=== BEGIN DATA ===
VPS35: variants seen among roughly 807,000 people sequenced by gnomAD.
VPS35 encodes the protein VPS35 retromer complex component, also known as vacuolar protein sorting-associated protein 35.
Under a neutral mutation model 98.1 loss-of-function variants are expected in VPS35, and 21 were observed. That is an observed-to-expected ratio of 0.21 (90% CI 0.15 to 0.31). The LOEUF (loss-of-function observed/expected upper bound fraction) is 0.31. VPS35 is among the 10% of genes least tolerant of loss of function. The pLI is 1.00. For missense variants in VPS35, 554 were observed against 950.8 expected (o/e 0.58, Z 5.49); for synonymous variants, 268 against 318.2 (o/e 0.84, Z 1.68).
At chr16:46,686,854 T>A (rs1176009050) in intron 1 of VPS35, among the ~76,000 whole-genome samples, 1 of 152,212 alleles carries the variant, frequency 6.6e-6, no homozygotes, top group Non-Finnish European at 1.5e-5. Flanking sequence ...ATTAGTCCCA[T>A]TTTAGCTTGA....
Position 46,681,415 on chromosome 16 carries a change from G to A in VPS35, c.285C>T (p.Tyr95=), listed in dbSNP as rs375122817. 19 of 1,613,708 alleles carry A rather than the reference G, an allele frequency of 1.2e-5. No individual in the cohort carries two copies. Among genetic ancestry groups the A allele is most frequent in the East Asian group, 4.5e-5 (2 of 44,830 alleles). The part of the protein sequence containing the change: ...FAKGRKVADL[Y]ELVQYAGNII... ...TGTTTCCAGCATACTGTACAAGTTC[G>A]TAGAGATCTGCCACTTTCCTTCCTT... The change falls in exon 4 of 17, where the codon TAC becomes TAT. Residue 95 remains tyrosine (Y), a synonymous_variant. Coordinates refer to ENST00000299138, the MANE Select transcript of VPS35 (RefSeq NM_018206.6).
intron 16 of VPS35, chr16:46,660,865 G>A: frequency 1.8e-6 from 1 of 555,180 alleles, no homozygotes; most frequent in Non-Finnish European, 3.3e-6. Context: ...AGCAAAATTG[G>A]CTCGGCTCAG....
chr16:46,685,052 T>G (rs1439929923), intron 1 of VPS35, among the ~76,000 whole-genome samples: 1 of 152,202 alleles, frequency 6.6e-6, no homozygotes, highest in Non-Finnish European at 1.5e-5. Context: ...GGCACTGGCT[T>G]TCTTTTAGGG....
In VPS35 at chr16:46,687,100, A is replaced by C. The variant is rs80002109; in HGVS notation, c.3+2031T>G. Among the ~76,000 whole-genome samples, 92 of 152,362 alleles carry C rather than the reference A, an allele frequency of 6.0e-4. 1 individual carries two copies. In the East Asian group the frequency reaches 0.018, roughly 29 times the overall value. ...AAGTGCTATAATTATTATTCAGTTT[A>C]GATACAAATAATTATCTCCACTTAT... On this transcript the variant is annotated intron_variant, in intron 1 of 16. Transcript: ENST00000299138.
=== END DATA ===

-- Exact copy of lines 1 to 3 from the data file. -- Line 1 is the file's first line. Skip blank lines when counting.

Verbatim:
VPS35: variants seen among roughly 807,000 people sequenced by gnomAD.
VPS35 encodes the protein VPS35 retromer complex component, also known as vacuolar protein sorting-associated protein 35.
Under a neutral mutation model 98.1 loss-of-function variants are expected in VPS35, and 21 were observed. That is an observed-to-expected ratio of 0.21 (90% CI 0.15 to 0.31). The LOEUF (loss-of-function observed/expected upper bound fraction) is 0.31. VPS35 is among the 10% of genes least tolerant of loss of function. The pLI is 1.00. For missense variants in VPS35, 554 were observed against 950.8 expected (o/e 0.58, Z 5.49); for synonymous variants, 268 against 318.2 (o/e 0.84, Z 1.68).